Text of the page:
Why You Can't Write Music That Accurately Expresses Your Ideas and Emotions

Do you struggle to write music that accurately expresses your ideas and emotions? Find out why and get solutions by reading this songwriting article.

Ultimate Guitar

Do you want to be able to write music that conveys your ideas and emotions as accurately as possible? This is something that many songwriters struggle with even though they spend a lot of time writing songs. Writing highly expressive music requires you to do more than simply follow standard songwriting formulas and come up with cool sounding ideas "in the moment"... To truly create songs that express the way you feel, you must actively work at integrating "music" together with your thoughts and emotions.

In this article, I am going to discuss 4 approaches to songwriting that hold you back from writing music with a high degree of self-expression. For each approach I will describe how it potentially limits your musical expression, then give you advice and guidance to help you begin writing your music in a more self-expressive manner. Here are 4 of the most common ways that you could be unknowingly sabotaging your songwriting to make it less expressive:

1. Your only method for writing songs is to improvise until you finally come up with something that sounds "cool."

Many songwriters use this approach to write music and experience a lot of frustration when their songs don't turn out how they want them to. On one hand, improvising on your instrument to come up with interesting musical ideas can be a great tool for inspiring new ideas that spark the creation of a new song... On the other hand, if this is the ONLY method you use in your songwriting, you will quickly experience difficulty when it comes to expressing your thoughts and emotions accurately in your music.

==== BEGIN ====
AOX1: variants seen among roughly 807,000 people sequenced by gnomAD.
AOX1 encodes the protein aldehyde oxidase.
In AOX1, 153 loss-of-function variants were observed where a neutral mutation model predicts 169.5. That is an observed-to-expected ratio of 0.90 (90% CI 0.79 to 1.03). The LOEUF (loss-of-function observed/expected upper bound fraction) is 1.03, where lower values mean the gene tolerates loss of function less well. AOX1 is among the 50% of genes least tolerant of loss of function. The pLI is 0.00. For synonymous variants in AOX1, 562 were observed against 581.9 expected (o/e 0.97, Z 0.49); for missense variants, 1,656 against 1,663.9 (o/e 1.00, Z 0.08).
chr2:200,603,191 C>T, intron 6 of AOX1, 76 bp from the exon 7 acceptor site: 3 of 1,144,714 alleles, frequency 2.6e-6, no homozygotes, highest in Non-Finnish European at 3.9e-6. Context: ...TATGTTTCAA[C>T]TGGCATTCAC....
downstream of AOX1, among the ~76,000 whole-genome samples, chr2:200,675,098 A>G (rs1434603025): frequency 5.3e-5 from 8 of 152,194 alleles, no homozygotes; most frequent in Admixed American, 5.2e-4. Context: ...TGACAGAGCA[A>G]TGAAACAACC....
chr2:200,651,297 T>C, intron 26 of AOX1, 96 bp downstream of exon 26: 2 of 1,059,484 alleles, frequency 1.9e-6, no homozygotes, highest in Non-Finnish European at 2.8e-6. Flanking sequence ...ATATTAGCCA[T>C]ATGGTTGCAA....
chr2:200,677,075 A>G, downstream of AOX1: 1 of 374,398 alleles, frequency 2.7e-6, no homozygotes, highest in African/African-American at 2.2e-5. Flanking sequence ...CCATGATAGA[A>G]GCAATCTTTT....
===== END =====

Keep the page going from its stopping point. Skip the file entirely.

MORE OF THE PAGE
The reason for this is in your songwriting mindset. While writing in a more improvised manner, you are concentrating on "playing something interesting" rather than "expressing specific ideas." To create songs that accurately express your ideas, you need to take an opposing approach. Rather than using improvising as your main method for songwriting, begin mapping out your songs ahead of time by first determining what you want to express, then writing your music to match these ideas or emotions.

2. You limit your expressive options by only writing music to express basic emotions.